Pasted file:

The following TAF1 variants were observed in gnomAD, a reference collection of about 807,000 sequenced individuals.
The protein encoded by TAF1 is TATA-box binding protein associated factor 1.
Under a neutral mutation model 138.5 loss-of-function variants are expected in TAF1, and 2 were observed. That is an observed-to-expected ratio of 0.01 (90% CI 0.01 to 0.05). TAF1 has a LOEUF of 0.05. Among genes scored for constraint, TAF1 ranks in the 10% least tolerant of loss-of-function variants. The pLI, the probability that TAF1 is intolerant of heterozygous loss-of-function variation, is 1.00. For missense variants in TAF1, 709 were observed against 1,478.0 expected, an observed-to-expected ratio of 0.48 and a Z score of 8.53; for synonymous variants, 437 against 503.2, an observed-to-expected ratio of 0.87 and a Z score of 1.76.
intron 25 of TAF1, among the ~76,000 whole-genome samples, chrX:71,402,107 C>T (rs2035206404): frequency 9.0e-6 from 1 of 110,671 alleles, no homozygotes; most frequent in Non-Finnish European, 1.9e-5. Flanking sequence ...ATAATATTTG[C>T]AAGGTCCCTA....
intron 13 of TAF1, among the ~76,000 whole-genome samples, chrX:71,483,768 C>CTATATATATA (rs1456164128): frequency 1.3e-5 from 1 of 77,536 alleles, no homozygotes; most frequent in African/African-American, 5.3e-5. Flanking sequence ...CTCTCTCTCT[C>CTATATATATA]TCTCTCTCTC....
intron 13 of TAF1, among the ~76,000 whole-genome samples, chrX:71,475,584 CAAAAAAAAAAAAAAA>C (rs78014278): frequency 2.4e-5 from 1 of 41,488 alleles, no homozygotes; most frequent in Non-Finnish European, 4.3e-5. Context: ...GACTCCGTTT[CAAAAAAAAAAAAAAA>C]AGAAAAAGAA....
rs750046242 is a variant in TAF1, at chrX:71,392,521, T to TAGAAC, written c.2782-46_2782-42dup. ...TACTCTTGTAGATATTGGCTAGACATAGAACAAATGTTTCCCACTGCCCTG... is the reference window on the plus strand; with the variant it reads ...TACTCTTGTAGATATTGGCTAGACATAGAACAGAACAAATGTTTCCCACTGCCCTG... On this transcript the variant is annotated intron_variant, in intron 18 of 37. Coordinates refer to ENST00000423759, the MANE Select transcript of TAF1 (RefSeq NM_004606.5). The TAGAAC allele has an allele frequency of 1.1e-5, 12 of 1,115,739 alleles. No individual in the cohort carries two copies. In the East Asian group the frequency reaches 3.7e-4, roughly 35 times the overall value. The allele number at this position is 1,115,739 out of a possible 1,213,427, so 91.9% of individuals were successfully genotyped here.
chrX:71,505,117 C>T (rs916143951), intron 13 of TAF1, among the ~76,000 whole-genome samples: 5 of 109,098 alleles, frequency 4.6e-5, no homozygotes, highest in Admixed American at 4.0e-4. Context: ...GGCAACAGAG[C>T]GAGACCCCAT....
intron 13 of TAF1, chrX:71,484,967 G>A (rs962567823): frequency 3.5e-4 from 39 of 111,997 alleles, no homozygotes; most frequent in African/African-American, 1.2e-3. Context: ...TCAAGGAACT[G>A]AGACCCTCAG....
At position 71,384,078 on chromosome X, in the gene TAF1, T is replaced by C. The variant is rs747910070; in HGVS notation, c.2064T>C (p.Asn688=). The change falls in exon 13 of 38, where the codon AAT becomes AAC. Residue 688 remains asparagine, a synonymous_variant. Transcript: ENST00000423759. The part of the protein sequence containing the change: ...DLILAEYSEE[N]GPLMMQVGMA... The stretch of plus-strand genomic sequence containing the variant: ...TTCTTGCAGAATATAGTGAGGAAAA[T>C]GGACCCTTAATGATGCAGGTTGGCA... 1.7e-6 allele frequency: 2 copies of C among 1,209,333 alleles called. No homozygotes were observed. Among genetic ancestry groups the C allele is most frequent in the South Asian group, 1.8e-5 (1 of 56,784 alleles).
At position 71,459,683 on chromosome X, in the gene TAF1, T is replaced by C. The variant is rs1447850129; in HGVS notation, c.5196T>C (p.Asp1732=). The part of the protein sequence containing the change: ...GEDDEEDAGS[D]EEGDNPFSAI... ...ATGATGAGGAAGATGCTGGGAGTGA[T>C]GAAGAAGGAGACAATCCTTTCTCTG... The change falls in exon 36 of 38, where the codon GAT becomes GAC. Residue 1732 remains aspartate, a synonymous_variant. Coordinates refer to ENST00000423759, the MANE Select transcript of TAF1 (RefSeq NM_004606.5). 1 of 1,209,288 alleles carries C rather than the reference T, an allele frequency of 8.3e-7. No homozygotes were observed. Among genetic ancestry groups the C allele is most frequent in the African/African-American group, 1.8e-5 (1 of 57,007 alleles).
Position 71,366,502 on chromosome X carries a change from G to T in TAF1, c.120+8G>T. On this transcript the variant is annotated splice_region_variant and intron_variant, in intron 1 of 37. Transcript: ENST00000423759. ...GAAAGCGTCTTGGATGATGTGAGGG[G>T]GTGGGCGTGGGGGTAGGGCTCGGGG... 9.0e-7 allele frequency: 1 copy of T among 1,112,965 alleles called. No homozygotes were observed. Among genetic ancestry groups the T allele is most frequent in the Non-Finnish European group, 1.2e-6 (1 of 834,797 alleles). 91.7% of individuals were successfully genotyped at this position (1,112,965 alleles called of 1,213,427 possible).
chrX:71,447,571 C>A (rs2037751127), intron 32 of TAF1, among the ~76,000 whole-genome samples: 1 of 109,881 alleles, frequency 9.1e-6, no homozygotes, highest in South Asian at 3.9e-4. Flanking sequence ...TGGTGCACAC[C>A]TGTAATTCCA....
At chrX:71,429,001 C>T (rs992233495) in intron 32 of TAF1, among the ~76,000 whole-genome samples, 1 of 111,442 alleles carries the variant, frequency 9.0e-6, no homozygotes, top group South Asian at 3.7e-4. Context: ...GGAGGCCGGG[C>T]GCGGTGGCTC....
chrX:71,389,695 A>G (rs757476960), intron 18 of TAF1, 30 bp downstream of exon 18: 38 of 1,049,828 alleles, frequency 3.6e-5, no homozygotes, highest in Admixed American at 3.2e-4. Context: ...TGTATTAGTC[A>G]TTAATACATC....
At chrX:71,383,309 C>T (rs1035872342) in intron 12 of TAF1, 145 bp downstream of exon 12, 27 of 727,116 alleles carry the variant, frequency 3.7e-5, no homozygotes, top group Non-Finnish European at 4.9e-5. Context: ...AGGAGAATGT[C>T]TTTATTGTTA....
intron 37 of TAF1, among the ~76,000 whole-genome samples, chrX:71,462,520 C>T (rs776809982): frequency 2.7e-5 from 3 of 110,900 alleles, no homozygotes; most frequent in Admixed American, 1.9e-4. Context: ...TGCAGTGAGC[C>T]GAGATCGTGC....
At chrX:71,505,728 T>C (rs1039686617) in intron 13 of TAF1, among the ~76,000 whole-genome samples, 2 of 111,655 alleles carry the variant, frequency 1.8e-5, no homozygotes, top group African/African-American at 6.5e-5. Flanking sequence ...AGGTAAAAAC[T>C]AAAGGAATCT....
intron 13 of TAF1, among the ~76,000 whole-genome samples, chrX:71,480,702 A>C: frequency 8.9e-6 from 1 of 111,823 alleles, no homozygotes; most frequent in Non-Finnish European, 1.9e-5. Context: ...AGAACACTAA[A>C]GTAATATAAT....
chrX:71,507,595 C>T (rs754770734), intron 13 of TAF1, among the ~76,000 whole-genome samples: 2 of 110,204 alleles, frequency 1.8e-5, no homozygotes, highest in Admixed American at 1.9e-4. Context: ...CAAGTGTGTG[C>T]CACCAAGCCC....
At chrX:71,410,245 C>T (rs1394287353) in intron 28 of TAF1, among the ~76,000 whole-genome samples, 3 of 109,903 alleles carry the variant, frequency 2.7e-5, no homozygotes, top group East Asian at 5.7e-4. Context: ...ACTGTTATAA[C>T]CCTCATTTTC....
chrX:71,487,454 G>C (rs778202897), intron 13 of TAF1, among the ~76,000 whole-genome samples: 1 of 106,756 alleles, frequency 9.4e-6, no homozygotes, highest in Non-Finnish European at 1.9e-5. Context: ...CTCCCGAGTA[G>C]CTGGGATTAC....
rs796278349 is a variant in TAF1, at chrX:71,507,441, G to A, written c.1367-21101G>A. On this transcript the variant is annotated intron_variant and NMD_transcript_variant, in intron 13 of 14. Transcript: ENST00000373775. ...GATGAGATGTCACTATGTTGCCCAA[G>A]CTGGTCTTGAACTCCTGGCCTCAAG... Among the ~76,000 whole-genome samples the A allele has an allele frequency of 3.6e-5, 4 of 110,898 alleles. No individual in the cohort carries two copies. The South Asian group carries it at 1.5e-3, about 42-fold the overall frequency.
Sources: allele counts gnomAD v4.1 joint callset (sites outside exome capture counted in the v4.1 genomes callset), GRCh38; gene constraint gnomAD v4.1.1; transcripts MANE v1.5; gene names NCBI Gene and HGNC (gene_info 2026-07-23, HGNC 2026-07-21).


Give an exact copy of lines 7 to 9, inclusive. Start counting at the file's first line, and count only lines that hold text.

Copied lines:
rs750046242 is a variant in TAF1, at chrX:71,392,521, T to TAGAAC, written c.2782-46_2782-42dup. ...TACTCTTGTAGATATTGGCTAGACATAGAACAAATGTTTCCCACTGCCCTG... is the reference window on the plus strand; with the variant it reads ...TACTCTTGTAGATATTGGCTAGACATAGAACAGAACAAATGTTTCCCACTGCCCTG... On this transcript the variant is annotated intron_variant, in intron 18 of 37. Coordinates refer to ENST00000423759, the MANE Select transcript of TAF1 (RefSeq NM_004606.5). The TAGAAC allele has an allele frequency of 1.1e-5, 12 of 1,115,739 alleles. No individual in the cohort carries two copies. In the East Asian group the frequency reaches 3.7e-4, roughly 35 times the overall value. The allele number at this position is 1,115,739 out of a possible 1,213,427, so 91.9% of individuals were successfully genotyped here.
chrX:71,505,117 C>T (rs916143951), intron 13 of TAF1, among the ~76,000 whole-genome samples: 5 of 109,098 alleles, frequency 4.6e-5, no homozygotes, highest in Admixed American at 4.0e-4. Context: ...GGCAACAGAG[C>T]GAGACCCCAT....
intron 13 of TAF1, chrX:71,484,967 G>A (rs962567823): frequency 3.5e-4 from 39 of 111,997 alleles, no homozygotes; most frequent in African/African-American, 1.2e-3. Context: ...TCAAGGAACT[G>A]AGACCCTCAG....